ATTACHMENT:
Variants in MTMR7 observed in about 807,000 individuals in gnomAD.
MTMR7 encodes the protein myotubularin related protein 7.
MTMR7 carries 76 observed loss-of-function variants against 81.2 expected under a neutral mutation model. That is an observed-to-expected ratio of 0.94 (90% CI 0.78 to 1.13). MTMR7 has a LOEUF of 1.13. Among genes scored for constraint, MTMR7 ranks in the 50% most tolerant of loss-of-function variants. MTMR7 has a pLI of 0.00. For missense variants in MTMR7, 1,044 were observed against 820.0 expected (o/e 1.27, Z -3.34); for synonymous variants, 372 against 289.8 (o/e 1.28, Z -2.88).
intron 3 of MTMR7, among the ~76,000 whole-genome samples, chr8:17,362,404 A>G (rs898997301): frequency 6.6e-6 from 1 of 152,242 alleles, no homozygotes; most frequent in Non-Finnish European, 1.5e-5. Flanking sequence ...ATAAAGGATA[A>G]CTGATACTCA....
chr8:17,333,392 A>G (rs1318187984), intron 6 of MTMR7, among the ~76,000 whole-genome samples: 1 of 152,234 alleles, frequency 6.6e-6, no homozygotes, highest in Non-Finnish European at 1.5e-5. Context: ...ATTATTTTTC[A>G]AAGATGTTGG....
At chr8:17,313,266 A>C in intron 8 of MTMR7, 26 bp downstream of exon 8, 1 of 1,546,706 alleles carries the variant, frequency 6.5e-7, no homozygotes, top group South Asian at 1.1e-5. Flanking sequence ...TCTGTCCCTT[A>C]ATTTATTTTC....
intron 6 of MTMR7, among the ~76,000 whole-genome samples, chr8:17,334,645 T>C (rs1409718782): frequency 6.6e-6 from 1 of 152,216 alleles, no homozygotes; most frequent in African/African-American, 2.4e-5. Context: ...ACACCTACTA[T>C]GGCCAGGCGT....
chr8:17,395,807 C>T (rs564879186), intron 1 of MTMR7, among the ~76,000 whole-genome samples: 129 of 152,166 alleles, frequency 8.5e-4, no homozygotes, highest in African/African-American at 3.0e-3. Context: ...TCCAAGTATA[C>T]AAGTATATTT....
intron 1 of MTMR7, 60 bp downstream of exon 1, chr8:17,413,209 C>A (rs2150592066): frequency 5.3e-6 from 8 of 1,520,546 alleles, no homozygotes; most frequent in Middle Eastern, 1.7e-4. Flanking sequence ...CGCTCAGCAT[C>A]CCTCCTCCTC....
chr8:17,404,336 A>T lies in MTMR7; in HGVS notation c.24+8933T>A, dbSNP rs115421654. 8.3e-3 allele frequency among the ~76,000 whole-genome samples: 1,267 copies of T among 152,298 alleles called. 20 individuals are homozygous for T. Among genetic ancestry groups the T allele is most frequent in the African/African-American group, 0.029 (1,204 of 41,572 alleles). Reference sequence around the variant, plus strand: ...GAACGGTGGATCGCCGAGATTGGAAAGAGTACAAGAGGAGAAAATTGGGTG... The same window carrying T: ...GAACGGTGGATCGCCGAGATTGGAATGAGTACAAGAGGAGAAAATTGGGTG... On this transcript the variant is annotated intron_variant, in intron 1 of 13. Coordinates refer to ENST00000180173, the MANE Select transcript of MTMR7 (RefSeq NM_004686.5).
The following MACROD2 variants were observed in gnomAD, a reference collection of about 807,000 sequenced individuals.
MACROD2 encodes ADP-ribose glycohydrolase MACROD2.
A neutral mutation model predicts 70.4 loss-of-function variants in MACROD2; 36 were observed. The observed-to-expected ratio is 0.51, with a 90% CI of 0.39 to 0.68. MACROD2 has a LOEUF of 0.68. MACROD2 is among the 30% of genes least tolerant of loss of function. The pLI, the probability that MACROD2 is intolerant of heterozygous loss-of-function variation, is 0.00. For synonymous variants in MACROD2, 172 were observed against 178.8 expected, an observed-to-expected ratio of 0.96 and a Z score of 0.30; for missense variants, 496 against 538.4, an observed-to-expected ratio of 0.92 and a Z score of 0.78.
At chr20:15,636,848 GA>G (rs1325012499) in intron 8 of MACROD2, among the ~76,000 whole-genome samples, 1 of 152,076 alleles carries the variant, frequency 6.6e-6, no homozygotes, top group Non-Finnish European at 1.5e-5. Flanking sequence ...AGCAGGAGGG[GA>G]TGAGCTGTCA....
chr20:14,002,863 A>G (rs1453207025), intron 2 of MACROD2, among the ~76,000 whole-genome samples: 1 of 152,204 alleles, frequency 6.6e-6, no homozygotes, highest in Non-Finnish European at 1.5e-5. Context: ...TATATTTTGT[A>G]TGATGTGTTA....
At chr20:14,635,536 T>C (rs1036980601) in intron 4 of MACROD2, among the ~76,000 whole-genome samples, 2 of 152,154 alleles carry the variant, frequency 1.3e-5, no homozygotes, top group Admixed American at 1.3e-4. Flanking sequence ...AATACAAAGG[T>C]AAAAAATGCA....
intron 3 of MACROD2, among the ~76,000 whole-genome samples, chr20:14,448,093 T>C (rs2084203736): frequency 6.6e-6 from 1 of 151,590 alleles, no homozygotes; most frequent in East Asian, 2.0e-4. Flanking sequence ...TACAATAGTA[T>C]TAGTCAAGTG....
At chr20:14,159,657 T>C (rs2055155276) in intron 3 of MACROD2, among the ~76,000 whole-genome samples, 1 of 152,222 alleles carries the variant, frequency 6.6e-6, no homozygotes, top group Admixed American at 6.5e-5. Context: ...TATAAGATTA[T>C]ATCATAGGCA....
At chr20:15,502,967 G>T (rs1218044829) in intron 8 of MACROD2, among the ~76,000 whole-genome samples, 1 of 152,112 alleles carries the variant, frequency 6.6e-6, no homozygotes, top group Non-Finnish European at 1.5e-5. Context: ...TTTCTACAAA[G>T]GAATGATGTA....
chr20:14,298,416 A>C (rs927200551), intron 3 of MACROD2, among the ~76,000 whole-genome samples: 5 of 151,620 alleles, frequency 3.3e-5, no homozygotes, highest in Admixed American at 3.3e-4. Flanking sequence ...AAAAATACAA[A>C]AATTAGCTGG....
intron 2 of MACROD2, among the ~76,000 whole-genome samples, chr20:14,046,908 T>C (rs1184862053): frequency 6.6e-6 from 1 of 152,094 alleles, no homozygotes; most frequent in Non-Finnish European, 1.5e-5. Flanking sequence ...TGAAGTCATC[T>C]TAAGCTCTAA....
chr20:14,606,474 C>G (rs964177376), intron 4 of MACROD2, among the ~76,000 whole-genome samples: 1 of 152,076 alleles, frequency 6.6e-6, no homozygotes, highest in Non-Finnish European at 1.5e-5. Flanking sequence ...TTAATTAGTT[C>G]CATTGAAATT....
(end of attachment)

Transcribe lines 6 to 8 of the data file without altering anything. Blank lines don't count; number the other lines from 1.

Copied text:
At chr8:17,313,266 A>C in intron 8 of MTMR7, 26 bp downstream of exon 8, 1 of 1,546,706 alleles carries the variant, frequency 6.5e-7, no homozygotes, top group South Asian at 1.1e-5. Flanking sequence ...TCTGTCCCTT[A>C]ATTTATTTTC....
intron 6 of MTMR7, among the ~76,000 whole-genome samples, chr8:17,334,645 T>C (rs1409718782): frequency 6.6e-6 from 1 of 152,216 alleles, no homozygotes; most frequent in African/African-American, 2.4e-5. Context: ...ACACCTACTA[T>C]GGCCAGGCGT....
chr8:17,395,807 C>T (rs564879186), intron 1 of MTMR7, among the ~76,000 whole-genome samples: 129 of 152,166 alleles, frequency 8.5e-4, no homozygotes, highest in African/African-American at 3.0e-3. Context: ...TCCAAGTATA[C>T]AAGTATATTT....